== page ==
Last year, it was announced that a $929 million grant for California's high-speed rail system was being cancelled in a serious blow to U.S. high-speed rail ambitions. The U.S. already trails much of the developed world in high-speed rail, lagging far behind China and Europe when it comes to kilometres of operational track. In line with its meteoric economic ascent, China has made considerable progress in building a high-speed rail network over the past 15 years. It had just over 35,000km in operation in February 2020 according to UIC, The Worldwide Railway Organization and that accounts for about two thirds of high-speed track worldwide.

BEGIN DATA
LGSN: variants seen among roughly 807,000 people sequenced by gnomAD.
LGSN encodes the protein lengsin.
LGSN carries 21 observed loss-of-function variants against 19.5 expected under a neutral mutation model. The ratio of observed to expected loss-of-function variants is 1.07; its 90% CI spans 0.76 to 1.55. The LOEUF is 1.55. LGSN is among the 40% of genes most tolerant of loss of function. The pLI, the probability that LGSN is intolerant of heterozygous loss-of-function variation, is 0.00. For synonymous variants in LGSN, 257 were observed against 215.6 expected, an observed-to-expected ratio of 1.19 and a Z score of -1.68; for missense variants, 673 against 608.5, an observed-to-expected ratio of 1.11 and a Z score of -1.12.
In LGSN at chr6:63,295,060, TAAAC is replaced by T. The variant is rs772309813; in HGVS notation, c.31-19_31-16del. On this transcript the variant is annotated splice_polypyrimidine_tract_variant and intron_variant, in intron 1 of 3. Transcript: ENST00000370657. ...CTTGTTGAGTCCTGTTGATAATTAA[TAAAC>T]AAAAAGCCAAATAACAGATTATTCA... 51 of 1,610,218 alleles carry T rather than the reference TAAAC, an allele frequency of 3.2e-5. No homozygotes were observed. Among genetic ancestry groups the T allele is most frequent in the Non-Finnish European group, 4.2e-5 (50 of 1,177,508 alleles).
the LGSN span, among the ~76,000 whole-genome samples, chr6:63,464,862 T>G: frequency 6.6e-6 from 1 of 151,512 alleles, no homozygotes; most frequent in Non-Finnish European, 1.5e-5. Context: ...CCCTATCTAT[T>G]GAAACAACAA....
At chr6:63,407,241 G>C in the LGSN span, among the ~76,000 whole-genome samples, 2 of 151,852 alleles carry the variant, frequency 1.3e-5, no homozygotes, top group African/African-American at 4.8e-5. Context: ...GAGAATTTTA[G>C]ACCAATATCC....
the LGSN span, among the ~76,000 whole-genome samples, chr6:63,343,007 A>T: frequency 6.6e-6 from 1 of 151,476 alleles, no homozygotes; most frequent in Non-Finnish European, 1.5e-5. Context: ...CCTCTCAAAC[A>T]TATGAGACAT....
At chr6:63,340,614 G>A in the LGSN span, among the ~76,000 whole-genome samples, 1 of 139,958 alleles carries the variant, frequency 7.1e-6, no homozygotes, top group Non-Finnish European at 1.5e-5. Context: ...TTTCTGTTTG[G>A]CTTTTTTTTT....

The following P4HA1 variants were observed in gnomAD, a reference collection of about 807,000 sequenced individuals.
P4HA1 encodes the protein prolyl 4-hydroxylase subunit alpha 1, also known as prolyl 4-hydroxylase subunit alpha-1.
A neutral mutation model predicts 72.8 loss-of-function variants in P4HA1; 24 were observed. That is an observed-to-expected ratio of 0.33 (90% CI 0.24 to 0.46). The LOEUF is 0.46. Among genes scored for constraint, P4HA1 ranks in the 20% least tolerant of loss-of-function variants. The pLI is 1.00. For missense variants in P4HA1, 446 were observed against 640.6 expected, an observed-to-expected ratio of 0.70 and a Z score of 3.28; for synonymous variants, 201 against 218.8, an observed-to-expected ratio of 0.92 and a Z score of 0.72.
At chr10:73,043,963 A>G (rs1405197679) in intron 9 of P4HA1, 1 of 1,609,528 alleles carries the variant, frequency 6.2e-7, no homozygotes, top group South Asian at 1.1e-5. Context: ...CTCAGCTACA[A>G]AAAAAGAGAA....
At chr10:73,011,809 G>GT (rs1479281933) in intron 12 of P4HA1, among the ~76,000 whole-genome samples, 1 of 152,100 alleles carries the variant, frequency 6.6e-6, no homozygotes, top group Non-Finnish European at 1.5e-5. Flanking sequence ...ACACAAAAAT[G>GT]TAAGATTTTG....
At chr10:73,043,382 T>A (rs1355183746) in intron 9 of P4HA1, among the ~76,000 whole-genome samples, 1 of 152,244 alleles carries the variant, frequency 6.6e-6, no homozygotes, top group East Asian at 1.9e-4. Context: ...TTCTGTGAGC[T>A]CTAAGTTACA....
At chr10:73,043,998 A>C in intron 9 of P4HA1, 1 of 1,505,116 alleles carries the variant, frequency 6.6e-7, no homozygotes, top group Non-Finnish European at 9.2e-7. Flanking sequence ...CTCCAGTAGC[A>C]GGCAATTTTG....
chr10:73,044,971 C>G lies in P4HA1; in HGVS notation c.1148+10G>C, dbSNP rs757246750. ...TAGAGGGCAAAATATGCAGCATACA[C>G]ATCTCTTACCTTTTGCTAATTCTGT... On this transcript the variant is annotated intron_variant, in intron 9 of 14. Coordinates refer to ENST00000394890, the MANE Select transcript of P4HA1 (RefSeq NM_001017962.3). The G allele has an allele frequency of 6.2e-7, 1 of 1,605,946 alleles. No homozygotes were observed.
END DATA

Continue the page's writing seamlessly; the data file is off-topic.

Japan was the first country to develop high-speed railway lines and today, its Shinkansen or bullet train operates along 3,000km of track. Spain has a similarly long network at 3,330km while France and Germany have 2,734km and 1,571km respectively. At the start of this year, the U.S. only had 735km of track in operation, a figure unlikely to rise any time soon.